'Native Son' runs Tuesday–Sunday through Feb. 12 at Marin Theatre Company. 397 Miller Ave., Mill Valley. Times vary. $20–$58. 415.388.5208.
click to enlarge
Beauty isn't always pretty.
Richard Wright's 1940 masterpiece Native Son—among the most important and powerful American novels ever published—has been alternately praised and condemned, drawing kudos and criticism for the very same things—mainly, the brutal honesty, realism and shocking violence of Wright's supremely crafted depiction of life as a poor, undereducated black man in mid-century America.
Powered by a poetic, elegant script by Nambi E. Kelley, the Marin Theatre Company brings Wright's explosive novel to the stage, with an extraordinary cast giving perfectly tuned performances under the steady guidance of director Seret Scott. The result is a remarkable theatrical experience that is at once astonishing, beautiful, visceral, vibrant and inescapably ugly. Kelley, succeeding where countless others have fallen short, strips Wright's epic-length novel to its bones, then dresses it back up again in brilliant theatrical ideas, enhancing rather than diminishing the power of Wright's ingeniously crafted, ethical puzzle-box of a story.
Bigger Thomas (a superb Jerod Haynes) is barely scraping by, living in a rat-infested Chicago slum with his mother (C. Kelly Wright), sister Vera (Ryan Nicole Austin) and brother Buddy (Dane Troy). Bigger is, for obvious reasons, a frustrated man, a combustible blend of anger, hopelessness and fear.
Bigger's violent internal struggles are brilliantly illustrated through his conversations with the Black Rat (William Hartfield), the playwright's impressively wrought illustration of Bigger's conflicted inner battles. The Rat represents the way society sees him, a view that is constantly in conflict with how Bigger sees himself.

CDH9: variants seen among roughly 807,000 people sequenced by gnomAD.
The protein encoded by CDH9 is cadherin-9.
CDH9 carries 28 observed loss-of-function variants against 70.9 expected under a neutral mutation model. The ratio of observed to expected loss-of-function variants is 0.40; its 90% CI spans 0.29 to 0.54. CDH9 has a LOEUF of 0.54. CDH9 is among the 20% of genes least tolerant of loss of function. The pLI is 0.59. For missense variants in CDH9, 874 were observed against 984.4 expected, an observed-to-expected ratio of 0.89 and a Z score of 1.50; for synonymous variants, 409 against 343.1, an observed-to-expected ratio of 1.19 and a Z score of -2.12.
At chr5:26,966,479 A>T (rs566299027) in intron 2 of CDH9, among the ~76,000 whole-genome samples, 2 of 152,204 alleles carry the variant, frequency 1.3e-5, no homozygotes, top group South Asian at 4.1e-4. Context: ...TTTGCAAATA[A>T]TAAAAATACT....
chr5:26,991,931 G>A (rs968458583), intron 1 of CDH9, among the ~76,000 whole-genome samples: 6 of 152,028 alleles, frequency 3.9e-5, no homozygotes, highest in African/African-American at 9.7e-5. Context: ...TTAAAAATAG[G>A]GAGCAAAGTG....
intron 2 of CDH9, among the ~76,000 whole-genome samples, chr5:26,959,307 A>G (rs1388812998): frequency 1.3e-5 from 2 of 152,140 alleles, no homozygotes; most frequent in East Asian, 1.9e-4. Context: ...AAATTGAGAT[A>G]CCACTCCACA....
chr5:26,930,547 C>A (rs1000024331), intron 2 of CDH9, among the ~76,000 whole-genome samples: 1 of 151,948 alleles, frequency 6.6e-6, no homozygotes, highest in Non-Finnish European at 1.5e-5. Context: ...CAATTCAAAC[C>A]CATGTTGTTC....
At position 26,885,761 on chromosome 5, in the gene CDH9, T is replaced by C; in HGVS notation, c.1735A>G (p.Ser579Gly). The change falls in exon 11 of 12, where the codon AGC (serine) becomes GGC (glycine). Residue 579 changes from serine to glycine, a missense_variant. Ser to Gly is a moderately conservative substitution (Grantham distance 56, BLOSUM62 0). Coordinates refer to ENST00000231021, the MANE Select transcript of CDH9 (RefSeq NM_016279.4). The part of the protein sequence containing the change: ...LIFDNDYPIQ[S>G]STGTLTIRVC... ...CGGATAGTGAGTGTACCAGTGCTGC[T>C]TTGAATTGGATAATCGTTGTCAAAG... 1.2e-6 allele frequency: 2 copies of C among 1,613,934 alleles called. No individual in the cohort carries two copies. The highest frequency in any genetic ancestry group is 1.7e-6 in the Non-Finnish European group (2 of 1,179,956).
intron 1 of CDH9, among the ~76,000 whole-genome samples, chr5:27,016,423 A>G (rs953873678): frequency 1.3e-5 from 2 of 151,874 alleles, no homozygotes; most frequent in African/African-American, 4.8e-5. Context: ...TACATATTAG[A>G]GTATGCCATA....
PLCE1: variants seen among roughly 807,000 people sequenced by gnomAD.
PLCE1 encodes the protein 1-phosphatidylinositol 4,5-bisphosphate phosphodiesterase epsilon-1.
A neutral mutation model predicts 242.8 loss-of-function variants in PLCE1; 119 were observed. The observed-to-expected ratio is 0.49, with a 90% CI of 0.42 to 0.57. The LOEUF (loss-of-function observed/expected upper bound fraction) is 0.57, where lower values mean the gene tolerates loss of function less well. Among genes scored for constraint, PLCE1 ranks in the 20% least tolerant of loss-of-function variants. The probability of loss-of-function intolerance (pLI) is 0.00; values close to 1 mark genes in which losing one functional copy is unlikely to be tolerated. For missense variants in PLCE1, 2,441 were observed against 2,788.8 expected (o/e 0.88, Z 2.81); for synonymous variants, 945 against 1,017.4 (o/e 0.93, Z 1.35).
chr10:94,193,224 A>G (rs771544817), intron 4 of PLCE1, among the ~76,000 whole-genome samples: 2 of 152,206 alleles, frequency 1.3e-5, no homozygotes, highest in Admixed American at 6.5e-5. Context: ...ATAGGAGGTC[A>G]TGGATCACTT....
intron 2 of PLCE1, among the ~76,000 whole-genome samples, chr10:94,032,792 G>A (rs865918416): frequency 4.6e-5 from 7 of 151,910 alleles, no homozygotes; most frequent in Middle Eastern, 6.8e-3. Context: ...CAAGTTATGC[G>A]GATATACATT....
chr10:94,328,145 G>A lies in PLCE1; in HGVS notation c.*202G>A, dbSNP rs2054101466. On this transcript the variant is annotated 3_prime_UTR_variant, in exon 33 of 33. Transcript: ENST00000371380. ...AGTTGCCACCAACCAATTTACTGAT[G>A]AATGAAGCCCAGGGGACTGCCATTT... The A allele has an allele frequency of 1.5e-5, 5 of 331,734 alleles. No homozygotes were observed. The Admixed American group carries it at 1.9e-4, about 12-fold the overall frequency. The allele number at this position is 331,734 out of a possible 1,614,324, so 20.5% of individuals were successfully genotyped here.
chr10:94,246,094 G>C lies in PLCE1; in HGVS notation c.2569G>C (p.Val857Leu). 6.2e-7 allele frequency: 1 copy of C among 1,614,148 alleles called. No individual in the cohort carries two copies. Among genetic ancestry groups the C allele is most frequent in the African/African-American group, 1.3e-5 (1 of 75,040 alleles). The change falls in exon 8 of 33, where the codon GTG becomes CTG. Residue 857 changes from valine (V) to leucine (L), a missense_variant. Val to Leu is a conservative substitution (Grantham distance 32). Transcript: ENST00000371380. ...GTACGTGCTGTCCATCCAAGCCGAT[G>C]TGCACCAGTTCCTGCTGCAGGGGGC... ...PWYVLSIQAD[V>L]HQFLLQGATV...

Even the possibility of a decent job, chauffeuring for a wealthy, liberal white woman (Courtney Walsh), is rife with danger. Her daughter, Mary (Rosie Hallett), and her communist boyfriend, Jan (Adam Magill), attempt to show Bigger how open-minded they are, clueless about how their public shows of "equality" are putting him in danger.
As the story moves ahead with ferocious speed—told in a single, 90-minute act—Bigger steps back and forth from present to past, with flashbacks underscoring his rising fear and fury with heartbreaking power.
The story may be set in the 1940s, but that so little has changed is clear. That, along with the ugly beauty of his storytelling, is why Wright's brutal masterpiece continues to have such resonance after more than 75 years.